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Olympus TG-2 First Look at CES 2013
by Laura Hicks -  1/25/2013

At CES Olympus announced the TG-2, one of three new cameras in their "Rugged" lineup. The TG-2 has a 12 megapixel BSI CMOS sensor. It boasts a 3 inch OLED screen and 4x zoom. It promises great image quality even in difficult shooting conditions due to the bright and speedy f/2.0 lens at wide angle.  In addition, it offers an HDR backlight. Two additional shooting modes make getting crisp, clean images even easier: low light mode (for situations where ambient light is scarce) and super sport mode (where the need for continuous shooting is important for capturing movement). The TG-2 also offers users full HD video. Upgraded from the TG-1, it now includes a waterproof depth up to 50 feet and an expanded lineup of system lenses and accessories including a Macro LED adapter. With a dedicated mode located on the dial for quick access, the super microscopic macro mode lets users zoom in extremely close to the subject. When shooting at a distance of 1 cm, super macro mode will allow you to shoot at near-microscopic levels.

I got to spend some time with the camera at CES. When I saw the TG-2 in the initial press release, I must admit, I really didn't give it a second thought.  Overall, I am not a big fan of tough cameras. The tough camera market is oversaturated with mediocre cameras that don't provide the quality you want. They might be able to go under water or be slammed up against a rock, but if it doesn't take a great picture of my scuba adventure to the coral reefs or my hiking trip in Europe it doesn't matter how much beating the camera can take.

That's why I was taken off guard when I saw the TG-2 for the first time in person. It only took a second to realize this camera is leaps and bounds above the rest. First, the camera is solid. It is not "plasticy" or wimpy. Also, the autofocus is way better than I expected. It was fast; really fast. Although Olympus cameras have amazing autofocus, I didn't know if that same functionality would be passed down to the "Tough" line.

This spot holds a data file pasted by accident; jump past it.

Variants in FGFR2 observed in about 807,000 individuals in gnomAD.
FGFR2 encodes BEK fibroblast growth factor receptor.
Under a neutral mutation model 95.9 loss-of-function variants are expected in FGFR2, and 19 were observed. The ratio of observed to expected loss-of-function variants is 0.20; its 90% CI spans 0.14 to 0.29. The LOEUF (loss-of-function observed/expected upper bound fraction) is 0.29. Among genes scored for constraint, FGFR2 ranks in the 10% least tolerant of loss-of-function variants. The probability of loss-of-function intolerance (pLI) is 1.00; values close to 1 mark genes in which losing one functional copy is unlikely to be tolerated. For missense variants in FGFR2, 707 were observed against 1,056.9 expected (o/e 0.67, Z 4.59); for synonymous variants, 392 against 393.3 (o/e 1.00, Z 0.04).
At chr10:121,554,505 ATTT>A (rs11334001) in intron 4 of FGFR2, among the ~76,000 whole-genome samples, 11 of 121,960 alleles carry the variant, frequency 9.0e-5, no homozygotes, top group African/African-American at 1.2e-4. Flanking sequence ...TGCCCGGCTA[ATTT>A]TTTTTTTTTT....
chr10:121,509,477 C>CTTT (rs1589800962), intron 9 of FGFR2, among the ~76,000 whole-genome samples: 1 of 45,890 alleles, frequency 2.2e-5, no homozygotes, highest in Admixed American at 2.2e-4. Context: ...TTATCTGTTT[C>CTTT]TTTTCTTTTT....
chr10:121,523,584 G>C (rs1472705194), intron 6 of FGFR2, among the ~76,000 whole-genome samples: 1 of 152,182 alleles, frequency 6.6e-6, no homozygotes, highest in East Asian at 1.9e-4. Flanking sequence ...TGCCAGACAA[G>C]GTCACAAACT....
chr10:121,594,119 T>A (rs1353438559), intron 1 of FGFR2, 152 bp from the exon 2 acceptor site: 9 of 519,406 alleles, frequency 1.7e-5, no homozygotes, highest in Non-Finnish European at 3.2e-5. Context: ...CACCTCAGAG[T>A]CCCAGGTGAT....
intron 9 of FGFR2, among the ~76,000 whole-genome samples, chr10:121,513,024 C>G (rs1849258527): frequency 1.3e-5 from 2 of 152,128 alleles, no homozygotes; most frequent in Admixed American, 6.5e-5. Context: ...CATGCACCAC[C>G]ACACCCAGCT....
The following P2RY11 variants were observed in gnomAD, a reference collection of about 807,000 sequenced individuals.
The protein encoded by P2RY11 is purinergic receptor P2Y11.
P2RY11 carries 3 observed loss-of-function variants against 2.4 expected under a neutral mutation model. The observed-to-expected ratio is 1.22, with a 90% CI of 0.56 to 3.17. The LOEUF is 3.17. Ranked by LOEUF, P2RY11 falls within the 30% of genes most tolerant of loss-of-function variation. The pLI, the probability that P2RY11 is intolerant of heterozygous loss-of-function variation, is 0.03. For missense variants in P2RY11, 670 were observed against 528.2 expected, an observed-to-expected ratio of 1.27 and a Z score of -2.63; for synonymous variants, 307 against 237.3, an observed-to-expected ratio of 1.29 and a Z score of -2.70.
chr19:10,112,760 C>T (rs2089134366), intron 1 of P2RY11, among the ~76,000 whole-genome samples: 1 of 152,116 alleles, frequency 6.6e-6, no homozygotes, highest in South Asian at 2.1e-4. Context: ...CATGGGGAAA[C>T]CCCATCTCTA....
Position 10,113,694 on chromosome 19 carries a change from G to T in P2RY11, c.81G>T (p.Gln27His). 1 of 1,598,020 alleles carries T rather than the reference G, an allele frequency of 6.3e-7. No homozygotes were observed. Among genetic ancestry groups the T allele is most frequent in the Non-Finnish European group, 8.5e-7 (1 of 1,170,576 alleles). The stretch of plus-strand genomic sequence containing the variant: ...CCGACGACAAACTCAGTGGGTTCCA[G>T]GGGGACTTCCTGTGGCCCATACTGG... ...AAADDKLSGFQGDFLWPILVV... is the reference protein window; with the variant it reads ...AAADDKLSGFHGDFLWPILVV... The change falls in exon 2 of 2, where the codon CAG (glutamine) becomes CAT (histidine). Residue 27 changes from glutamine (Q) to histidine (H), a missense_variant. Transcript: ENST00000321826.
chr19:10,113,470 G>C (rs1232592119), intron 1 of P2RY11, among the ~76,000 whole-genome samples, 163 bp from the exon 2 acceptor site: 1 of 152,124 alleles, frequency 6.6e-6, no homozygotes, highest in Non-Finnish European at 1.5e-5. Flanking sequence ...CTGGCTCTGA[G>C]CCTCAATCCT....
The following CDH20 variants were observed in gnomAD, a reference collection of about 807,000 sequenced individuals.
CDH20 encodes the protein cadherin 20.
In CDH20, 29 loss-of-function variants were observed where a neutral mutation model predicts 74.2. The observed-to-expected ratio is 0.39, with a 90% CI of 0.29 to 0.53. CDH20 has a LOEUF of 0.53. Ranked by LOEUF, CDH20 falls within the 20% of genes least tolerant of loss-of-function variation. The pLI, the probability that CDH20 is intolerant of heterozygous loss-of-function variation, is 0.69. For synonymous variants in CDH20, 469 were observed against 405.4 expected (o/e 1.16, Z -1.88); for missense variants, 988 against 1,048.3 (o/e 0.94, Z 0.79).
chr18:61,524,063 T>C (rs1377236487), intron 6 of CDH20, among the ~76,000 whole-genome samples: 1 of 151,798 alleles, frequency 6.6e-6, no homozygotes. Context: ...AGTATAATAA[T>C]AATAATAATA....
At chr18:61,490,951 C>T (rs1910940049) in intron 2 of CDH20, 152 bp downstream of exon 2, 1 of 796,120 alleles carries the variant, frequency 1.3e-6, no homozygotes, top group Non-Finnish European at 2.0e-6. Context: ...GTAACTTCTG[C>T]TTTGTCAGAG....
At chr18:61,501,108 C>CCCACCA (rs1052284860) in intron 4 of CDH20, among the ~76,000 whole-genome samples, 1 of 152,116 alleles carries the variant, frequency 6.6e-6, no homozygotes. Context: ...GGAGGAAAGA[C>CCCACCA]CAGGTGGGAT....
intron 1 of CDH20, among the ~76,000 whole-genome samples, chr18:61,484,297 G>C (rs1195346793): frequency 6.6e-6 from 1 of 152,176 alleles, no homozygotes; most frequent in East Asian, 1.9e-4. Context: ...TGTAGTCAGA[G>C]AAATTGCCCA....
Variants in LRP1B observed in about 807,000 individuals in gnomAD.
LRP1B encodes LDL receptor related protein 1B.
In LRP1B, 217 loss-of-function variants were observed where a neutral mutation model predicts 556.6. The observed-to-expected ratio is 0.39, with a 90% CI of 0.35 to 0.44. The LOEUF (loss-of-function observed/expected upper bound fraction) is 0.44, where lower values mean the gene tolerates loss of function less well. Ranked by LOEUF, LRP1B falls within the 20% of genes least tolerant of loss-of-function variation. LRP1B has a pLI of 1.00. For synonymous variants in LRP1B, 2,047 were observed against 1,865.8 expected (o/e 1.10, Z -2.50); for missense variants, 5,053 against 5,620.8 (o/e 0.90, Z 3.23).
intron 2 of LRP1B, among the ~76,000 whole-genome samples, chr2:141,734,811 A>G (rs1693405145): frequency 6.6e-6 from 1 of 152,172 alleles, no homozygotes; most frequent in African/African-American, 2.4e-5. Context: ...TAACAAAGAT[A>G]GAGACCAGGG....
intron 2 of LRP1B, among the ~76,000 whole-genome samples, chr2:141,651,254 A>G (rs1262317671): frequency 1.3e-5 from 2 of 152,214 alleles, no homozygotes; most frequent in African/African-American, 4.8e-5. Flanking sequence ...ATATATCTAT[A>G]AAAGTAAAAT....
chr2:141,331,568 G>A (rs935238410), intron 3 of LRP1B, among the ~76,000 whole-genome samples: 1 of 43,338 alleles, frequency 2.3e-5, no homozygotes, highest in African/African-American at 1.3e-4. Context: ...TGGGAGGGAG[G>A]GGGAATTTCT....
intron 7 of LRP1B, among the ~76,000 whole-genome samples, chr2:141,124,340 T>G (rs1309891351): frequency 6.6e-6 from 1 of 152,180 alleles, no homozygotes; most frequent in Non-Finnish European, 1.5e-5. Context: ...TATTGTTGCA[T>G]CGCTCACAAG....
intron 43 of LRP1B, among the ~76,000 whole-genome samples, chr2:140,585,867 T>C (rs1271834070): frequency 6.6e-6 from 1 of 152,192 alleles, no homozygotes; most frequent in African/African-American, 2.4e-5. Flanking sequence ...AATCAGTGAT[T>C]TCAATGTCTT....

The camera has an ISO range of 100-6400. The lens has a 4x zoom of 4.5-18mm (25-100mm equivalent in 35mm camera). The camera also has a 4x digital zoom. The lens is super-fast at f/2.0 when used at the widest angle. However, when zoomed-in, the aperture decreases to f/4.9. I don't love that the maximum aperture is f/4.9, but I also have to be realistic. At this price point and size of the camera it would be hard to imagine getting any better f-stop. However, I might be willing to pay a little more and sacrifice size for an f/4.  

I was also very impressed with the expandability of the TG-2. The camera offers advanced users the ability to better control the camera through Aperture priority mode. In addition, the camera offers a plethora of creative functions like microscopic macro mode (which I was able to test) and hand-held starlight. The microscopic macro made was extremely impressive.  The image I took was crisp and sharp. The TG-2 also takes Full HD 1080p video. The camera has a removable ring that allows users to add optional lenses created for this camera. I was able to get my hands on two of these lenses, the fisheye converter and tele converter. I liked the ability to change focal lengths on such a durable, pocketable camera. As an added bonus, these lenses can even be changed under water making it perfect for divers and snorkelers.  Finally, if 50 feet underwater is not deep enough, there is an optional underwater housing that allows you to take your camera to depths of 135 ft.

I almost hate to call it a "Tough" camera because it is so much more than that. The TG-2 is a rare fine. It encompassed both brawn and brains into a compact, take-anywhere camera. Its image quality, AF speed and functionality set a new standard for "Tough" and "Rugged" line of cameras.   

The camera is available in black or red and retails for $380. Look for the TG-2 to be available in the spring or summer of 2013. I can't wait for Olympus to send me the TG-2 so I can take it for a swim. Let's see if it can hold up to real world testing.